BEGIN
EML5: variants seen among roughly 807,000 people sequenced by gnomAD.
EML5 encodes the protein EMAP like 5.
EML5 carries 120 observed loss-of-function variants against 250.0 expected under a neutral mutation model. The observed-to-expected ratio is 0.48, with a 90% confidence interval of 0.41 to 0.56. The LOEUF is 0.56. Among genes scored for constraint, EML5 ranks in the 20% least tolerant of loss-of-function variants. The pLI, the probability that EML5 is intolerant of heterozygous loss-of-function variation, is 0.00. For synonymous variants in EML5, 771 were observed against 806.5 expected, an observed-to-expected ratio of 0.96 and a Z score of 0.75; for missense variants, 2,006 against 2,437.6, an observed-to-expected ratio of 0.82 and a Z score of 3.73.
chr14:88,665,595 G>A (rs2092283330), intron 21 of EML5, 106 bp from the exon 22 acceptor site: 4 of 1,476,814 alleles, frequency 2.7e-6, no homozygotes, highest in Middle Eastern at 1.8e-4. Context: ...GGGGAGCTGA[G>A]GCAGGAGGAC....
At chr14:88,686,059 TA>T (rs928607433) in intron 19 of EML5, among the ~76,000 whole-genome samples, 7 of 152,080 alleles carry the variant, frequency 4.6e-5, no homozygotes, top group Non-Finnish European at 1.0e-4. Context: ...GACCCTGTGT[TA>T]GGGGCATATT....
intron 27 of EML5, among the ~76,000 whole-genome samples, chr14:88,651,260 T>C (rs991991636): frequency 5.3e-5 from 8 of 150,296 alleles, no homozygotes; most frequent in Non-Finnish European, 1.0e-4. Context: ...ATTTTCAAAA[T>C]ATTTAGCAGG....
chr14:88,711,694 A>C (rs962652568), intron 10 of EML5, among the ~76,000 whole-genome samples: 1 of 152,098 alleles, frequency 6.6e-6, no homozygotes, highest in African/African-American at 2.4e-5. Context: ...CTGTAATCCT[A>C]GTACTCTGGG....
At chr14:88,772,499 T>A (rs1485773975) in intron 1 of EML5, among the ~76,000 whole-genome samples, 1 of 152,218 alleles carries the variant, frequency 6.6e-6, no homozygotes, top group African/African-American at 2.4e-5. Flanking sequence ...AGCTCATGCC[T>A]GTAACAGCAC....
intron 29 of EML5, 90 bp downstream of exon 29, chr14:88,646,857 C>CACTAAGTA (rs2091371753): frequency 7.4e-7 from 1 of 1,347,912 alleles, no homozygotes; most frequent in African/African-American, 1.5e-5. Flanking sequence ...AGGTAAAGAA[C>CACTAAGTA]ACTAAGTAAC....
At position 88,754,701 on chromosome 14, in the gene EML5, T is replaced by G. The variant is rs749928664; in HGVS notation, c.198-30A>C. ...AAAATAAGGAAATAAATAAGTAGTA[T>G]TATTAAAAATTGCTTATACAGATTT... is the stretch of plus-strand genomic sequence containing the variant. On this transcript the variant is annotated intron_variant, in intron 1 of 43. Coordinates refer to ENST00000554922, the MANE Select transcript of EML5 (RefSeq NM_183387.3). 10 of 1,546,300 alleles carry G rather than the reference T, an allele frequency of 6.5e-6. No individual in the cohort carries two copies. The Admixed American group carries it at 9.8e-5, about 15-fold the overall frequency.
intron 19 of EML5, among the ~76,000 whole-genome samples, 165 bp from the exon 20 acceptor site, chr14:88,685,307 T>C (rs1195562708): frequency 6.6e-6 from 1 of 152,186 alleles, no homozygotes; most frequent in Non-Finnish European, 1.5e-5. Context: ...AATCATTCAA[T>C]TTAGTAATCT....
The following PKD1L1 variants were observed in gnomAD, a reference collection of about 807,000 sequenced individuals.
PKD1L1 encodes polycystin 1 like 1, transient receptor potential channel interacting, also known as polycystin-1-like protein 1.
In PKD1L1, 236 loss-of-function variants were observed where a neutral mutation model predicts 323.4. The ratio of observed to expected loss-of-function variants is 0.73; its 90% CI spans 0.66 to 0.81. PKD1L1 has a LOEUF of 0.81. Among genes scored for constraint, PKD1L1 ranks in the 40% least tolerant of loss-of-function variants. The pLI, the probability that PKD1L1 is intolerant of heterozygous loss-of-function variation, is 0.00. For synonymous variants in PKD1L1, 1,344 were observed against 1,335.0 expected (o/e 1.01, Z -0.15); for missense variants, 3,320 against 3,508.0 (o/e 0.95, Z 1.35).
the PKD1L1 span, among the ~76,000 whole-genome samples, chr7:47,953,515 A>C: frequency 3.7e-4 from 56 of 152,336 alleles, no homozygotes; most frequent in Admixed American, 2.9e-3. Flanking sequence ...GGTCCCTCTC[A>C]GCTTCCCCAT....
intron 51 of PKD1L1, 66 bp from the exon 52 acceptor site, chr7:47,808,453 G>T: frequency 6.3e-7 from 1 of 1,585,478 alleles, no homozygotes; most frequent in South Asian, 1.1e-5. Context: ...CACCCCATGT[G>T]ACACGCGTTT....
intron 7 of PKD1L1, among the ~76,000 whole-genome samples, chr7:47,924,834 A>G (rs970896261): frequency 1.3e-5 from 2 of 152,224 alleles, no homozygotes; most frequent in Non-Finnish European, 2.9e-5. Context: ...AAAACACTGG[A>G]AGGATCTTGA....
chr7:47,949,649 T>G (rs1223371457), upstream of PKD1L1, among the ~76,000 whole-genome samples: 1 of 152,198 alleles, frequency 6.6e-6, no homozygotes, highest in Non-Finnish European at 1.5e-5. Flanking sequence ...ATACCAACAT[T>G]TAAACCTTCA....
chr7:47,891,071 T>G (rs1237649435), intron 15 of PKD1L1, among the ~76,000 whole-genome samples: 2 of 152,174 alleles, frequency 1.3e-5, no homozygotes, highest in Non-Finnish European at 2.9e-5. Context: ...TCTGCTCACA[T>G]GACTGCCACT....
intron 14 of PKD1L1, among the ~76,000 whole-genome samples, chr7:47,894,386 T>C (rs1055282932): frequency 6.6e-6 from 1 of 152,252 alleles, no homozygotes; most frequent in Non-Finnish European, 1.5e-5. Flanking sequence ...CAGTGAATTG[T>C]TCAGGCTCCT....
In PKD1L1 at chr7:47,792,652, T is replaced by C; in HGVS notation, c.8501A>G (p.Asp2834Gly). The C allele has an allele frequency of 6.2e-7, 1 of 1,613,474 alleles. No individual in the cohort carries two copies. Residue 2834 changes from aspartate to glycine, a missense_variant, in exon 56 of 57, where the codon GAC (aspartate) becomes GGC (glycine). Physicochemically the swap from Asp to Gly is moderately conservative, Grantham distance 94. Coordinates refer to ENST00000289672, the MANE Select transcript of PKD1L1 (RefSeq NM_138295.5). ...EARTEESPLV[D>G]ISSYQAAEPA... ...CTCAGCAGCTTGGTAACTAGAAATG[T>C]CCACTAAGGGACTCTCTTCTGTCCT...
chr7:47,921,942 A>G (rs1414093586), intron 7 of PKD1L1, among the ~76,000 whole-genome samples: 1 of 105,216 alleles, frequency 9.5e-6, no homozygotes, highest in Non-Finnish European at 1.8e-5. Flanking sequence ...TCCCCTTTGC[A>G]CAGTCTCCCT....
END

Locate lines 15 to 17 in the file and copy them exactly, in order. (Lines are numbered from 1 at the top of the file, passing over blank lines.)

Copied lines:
the PKD1L1 span, among the ~76,000 whole-genome samples, chr7:47,953,515 A>C: frequency 3.7e-4 from 56 of 152,336 alleles, no homozygotes; most frequent in Admixed American, 2.9e-3. Flanking sequence ...GGTCCCTCTC[A>C]GCTTCCCCAT....
intron 51 of PKD1L1, 66 bp from the exon 52 acceptor site, chr7:47,808,453 G>T: frequency 6.3e-7 from 1 of 1,585,478 alleles, no homozygotes; most frequent in South Asian, 1.1e-5. Context: ...CACCCCATGT[G>T]ACACGCGTTT....
intron 7 of PKD1L1, among the ~76,000 whole-genome samples, chr7:47,924,834 A>G (rs970896261): frequency 1.3e-5 from 2 of 152,224 alleles, no homozygotes; most frequent in Non-Finnish European, 2.9e-5. Context: ...AAAACACTGG[A>G]AGGATCTTGA....